The three steps to closing the lid on emotional eating

Business. Motherhood. Life. These mumpreneurs are doing it all and their determination is to commanded.

The challenges of being a mumpreneur is balancing it all – there’s so much to do, so much to remember, and everything’s vying for their attention. Juggling kids, family, business and personal time can feel like chaos and staying on top of it all can seem near impossible!

Consequently, they find themselves operating at high stress levels, feeling overwhelmed and yet at times, unable to manage the burden of their responsibilities.

This leads them to eat emotionally as a way of soothing their stress and heightened emotions that result from having to juggle many balls, and to portray the image that they are holding it all together. And they don’t know any other ways to cope with their emotional needs.

Emotional eating is an attempt to manage mood with food. It’s a coping strategy and is usually the result of a more deep-rooted issue. Although emotional eating has become an all-too-common problem, many women don’t realise the extent to which their feelings can impact their eating habits.

Food impacts emo¬tions and provides comfort and relief. Studies show that eating leads to the production of a neurotransmitter called dopamine, which activates reward and pleasure centers in the brain and causes a sense of pleasure and comfort.

Food is an easy “go to strategy” because it’s an inexpensive resource for providing reward and short-term relief from discomfort eating (as a way to regulate stress responses.)

Let’s dive in and explore why these mumpreneurs are turning to food for comfort and how they can dissolve this struggle for Good!

The Three Steps to Close the Lid on Emotional Eating are:

Step One: Build Self-Awareness

The first step in closing the lid on Emotional Eating is building self-awareness. Emotional Eating often arises from a lost sense of emotional self. “Self-awareness is the ability to take an honest look at one’s life without attachment to it being right or wrong”. -Debbie Ford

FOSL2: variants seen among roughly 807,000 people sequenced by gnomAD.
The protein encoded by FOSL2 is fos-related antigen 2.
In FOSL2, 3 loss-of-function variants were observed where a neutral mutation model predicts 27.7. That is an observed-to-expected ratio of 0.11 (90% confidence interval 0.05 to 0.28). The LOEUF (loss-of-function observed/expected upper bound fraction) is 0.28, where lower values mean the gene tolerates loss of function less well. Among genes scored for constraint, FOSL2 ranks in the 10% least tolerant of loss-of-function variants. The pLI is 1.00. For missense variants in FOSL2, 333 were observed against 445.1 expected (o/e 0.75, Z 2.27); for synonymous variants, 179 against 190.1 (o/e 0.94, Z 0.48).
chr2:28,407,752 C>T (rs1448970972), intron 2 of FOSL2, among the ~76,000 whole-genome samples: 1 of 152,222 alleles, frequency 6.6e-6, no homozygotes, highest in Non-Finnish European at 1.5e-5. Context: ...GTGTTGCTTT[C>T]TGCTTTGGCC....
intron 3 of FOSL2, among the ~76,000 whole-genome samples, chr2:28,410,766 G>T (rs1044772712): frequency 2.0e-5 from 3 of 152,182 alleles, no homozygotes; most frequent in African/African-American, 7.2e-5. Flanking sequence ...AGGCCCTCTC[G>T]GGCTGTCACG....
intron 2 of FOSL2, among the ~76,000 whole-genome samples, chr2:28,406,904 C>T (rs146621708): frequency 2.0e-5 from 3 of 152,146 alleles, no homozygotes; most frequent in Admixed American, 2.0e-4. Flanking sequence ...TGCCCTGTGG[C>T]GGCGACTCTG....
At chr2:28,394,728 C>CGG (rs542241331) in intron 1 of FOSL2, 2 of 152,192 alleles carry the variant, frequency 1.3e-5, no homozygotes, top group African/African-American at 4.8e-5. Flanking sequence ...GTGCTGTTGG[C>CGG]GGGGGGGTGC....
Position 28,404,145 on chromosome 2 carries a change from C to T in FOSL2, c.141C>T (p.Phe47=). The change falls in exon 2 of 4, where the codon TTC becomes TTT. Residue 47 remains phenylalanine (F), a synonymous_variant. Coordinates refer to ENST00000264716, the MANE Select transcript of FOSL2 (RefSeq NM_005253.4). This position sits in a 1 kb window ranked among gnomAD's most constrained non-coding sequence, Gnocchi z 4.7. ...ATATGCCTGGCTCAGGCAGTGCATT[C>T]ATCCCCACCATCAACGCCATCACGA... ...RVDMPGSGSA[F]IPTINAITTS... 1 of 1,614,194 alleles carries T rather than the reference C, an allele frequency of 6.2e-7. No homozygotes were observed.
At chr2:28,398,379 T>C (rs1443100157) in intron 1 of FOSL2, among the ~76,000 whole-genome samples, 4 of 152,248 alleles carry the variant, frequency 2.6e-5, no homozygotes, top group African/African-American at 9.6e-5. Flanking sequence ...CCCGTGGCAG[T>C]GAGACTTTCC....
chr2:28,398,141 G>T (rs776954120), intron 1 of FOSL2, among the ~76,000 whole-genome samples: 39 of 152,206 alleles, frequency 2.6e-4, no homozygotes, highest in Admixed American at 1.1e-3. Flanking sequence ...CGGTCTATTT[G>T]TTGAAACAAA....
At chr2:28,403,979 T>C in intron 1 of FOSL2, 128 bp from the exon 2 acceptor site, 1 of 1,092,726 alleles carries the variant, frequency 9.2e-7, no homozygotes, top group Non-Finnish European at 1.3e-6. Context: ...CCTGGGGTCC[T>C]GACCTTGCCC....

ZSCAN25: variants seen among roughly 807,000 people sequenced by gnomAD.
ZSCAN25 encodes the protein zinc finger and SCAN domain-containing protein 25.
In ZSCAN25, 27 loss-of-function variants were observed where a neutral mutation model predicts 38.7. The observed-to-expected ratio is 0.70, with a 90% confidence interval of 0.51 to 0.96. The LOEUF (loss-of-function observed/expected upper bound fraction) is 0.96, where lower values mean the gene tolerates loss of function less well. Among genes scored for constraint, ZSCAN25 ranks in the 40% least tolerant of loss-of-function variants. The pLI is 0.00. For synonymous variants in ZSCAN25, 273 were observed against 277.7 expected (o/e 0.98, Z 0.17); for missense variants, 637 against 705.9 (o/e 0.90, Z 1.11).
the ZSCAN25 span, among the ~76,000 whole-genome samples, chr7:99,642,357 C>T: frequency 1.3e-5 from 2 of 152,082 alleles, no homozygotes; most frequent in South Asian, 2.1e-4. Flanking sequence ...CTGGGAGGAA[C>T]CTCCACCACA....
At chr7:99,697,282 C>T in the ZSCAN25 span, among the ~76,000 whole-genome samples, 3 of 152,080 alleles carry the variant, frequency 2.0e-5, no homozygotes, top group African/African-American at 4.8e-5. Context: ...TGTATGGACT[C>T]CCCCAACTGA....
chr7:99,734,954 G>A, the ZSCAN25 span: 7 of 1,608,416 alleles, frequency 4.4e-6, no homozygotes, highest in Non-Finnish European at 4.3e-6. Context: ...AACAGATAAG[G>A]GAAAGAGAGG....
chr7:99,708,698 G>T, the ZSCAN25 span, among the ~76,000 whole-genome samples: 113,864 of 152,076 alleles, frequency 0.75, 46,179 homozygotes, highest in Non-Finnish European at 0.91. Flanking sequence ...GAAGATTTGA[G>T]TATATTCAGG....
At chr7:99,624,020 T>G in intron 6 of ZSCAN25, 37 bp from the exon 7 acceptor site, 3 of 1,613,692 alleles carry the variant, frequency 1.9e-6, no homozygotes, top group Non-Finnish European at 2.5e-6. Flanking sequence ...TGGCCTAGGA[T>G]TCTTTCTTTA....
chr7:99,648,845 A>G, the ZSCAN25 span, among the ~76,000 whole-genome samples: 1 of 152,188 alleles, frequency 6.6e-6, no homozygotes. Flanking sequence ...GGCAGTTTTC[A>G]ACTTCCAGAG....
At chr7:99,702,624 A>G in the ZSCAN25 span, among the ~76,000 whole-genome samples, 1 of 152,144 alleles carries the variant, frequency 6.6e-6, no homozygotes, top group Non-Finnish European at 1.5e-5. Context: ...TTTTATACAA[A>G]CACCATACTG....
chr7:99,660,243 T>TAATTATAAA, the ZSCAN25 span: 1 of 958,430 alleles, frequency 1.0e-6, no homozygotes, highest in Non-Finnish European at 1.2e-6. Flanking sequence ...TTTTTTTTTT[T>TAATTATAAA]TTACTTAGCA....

Becoming aware of the discomfort feelings by pausing mindfully creates the space to act on purpose.

The Mindful Pause: When stress and overwhelm strike….

  • Leave the stressful situation. This may mean walking out of the office or a meeting.
  • Identify feelings, “Is the feeling overwhelm, frustration or anger?”
  • Pause and take an in-breath and out-breath for 10-15 seconds.

Step Two: Mindset Reset, identifying and allowing feelings assists in creating strategies that work better than food.

  • Identify the feelings and needs at a particular moment of need.
  • Take a few minutes to feel this way.
  • Be curious without judging feelings and needs.
  • Sit with the craving to make a deliberate choice rather than a giving in to a default response, which may be chocolate.

Step Three: Attitude shift, providing the mental strength to resist temptation and stand strong in the resolve to change.

  • That shift is accomplished with positive self-talk and the intentional, purposeful filling of the mind with motivational, positive input.
  • Pause and set the intention for strength and support.

There is a great idiom, “A problem shared is a problem halved” and talking to someone can help take some of the pressure off. Sharing feelings, perhaps with a friend, a family member, or counsellor can shed a different light and offer another perspective.

Discovering how to take the power away from food dissolves the struggle. The goal is to learn to make peace with food, enjoying eating healthy consistently and maintaining a healthy weight – even when life gives you lemons!

Irena Geller ,Emotional Eating Coach, irenageller.com.au

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